An angry mob of hundreds of people, led by Buddhist monks, attacked a warehouse belonging to a Muslim-owned clothing chain in Sri Lanka’s capital Colombo on Thursday. This comes as Buddhist hardliners ramp up their campaigns against Muslims’ lifestyles.
The scene was eerily reminiscent of attacks on Muslim-owned stores throughout the past week in Burma. One video shows a monk throwing a rock at a security camera in front of the warehouse, as policemen look on and the mob erupts into cheers.
The warehouse belongs to Fashion Bug, a popular clothing chain that operates stores throughout the country. The attackers yelled insults against Muslims throughout the attack. Several people were injured, including the warehouse’s manager and journalists trying to cover the incident.
Muslims make up about 9 percent of Sri Lanka’s population, making them the third largest group after Sinhalese Buddhists and Tamils. During the long civil war that pitted Buddhists against Tamils, Muslims kept a low profile. Four years after the end of the war, they are now being targeted by increasingly vocal Buddhist hardliners, who call for their followers to boycott Muslim-owned businesses and recently pressured the government into getting rid of “halal” labels on food.
The most prominent of these emerging hard-line Buddhist organisations is Bodu Bala Sena (BBS), which translates to “Buddhist Power Force”. On Friday, it issued a statement saying that it had nothing to do with the attack against Fashion Bug’s warehouse. During a massive rally two weeks ago, BBS’s general secretary accused Fashion Bug, as well as another Muslim-owned clothing chain called No Limit, of forcibly converting Buddhist employees, and alleged that “harems [of Buddhist female employees] are being created” by Muslim store managers. Galabodaaththe Gnanasara also said: “We are not asking anyone to go and stone these places and attack them. […] Let’s solve this through discussion.”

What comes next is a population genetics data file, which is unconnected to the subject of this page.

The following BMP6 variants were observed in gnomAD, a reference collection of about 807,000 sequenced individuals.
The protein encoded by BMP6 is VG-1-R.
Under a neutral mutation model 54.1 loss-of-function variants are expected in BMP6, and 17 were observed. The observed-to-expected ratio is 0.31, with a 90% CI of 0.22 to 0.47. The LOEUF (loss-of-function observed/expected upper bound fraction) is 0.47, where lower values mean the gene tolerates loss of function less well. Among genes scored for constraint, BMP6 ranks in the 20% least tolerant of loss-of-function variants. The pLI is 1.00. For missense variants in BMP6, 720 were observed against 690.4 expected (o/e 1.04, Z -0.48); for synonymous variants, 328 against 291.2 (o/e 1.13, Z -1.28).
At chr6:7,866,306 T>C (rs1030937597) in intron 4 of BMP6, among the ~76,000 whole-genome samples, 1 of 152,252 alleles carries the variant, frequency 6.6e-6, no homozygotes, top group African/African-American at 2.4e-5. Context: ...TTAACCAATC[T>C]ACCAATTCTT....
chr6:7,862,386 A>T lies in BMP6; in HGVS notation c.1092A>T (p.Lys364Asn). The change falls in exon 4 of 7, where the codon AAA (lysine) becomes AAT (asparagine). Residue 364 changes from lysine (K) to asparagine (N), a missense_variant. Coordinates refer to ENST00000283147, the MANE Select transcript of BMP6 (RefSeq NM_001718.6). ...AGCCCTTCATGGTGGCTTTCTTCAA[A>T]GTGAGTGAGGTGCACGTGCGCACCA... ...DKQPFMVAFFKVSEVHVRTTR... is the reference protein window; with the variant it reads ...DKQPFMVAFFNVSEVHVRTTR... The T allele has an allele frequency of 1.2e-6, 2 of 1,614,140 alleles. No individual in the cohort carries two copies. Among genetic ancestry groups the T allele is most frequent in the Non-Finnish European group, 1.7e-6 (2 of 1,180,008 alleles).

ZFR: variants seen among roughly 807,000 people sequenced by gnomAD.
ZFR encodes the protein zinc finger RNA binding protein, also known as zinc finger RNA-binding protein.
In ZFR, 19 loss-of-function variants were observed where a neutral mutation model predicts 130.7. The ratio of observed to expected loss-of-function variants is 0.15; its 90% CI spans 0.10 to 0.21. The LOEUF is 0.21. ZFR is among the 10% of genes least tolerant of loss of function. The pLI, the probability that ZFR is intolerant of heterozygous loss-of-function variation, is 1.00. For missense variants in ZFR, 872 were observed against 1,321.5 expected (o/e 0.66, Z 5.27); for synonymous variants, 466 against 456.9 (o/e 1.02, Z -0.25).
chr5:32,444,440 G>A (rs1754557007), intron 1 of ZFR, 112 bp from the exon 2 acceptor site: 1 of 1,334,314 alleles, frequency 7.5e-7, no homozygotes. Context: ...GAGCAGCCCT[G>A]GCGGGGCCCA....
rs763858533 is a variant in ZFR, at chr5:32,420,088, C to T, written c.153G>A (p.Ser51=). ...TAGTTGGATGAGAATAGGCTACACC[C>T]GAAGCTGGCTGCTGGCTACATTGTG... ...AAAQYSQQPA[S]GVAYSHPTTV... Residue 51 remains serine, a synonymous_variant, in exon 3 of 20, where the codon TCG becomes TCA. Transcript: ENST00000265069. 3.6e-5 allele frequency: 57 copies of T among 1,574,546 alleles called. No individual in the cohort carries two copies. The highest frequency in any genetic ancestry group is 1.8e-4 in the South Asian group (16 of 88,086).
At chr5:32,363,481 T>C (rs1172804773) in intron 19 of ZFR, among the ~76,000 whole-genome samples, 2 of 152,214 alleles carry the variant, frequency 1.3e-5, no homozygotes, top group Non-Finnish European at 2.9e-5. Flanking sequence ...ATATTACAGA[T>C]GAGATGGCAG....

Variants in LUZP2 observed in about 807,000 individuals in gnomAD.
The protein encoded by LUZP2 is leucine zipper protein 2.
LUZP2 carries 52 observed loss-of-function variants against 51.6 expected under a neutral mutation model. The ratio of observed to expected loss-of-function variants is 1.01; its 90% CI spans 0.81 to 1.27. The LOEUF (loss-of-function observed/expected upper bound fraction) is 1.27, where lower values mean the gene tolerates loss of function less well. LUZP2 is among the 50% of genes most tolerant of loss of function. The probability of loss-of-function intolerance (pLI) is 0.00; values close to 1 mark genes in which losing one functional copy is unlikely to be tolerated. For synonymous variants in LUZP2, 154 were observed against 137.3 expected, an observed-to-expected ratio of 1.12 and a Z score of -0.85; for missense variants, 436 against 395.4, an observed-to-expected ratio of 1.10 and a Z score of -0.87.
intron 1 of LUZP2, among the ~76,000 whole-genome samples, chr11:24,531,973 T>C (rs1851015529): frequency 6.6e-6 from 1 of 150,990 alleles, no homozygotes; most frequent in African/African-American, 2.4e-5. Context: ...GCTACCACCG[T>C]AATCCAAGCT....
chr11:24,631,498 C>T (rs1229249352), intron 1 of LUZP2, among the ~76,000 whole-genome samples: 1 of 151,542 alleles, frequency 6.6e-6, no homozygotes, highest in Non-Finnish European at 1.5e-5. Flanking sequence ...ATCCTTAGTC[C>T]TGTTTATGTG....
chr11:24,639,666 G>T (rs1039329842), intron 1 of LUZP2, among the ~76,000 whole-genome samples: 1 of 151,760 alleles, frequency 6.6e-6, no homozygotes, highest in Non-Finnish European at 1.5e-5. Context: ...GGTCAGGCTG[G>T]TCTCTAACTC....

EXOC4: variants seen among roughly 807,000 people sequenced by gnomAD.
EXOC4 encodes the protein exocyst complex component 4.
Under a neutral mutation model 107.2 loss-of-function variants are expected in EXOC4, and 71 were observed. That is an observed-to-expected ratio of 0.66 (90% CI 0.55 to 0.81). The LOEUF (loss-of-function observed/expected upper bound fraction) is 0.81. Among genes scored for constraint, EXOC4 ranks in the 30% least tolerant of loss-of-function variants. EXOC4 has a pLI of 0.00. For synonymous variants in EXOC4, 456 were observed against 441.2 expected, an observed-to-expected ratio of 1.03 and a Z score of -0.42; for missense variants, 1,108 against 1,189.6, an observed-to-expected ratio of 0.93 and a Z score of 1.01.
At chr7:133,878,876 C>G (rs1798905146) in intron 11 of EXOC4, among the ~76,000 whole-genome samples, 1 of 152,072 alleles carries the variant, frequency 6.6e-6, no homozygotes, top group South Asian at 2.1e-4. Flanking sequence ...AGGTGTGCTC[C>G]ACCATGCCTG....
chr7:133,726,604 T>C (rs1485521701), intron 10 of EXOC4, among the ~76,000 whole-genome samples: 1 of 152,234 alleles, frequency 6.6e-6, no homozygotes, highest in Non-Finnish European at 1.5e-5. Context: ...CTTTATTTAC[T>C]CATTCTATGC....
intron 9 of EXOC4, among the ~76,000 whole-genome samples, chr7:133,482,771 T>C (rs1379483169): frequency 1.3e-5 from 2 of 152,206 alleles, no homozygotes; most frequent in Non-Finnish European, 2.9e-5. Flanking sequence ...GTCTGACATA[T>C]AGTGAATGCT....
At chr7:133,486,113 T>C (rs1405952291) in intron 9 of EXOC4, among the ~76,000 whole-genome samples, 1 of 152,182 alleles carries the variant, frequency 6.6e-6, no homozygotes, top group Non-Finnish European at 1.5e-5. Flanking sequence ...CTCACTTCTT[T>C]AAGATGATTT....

“People in the crowd tried to grab my mobile phone to stop me from filming”
Azzam Ameen is a journalist in Colombo. He lives near the Fashion Bug warehouse, and arrived on the scene shortly after the mob started attacking it.
There was a crowd of about 500 people, led by about a dozen monks. They were throwing stones at the glass building, sending glass shattering. Clothes from inside the building had already been strewn all over the street. About 25 to 30 policemen were on the scene, but were clearly overwhelmed.
Most of the crowd was made up of young men, in their early twenties or even younger. Many of them were shouting epithets against Muslims. I asked one guy why he was there – he said that a Buddhist girl had been raped by a Muslim man, that she was inside the building and that the police wouldn’t rescue her. [This did not turn out to be true.]
“I don’t know where the attackers got all these large stones from”
I took out my phone to film the scene, but people yelled at me and tried to grab my phone. Camera crews soon arrived; monks tried to stop them, but they managed to get into the building to film the damage. However, when they came back out, people threw stones at them. I don’t know where they got all these stones – they were rather large. I took one of the injured cameramen to the hospital; he had to get three stitches. A man I met there, who had also been injured, told me that the crowd had first attacked a Muslim-owned shop not far from the warehouse, right next to his house; mistaking him as being Muslim, they threw stones at him, too.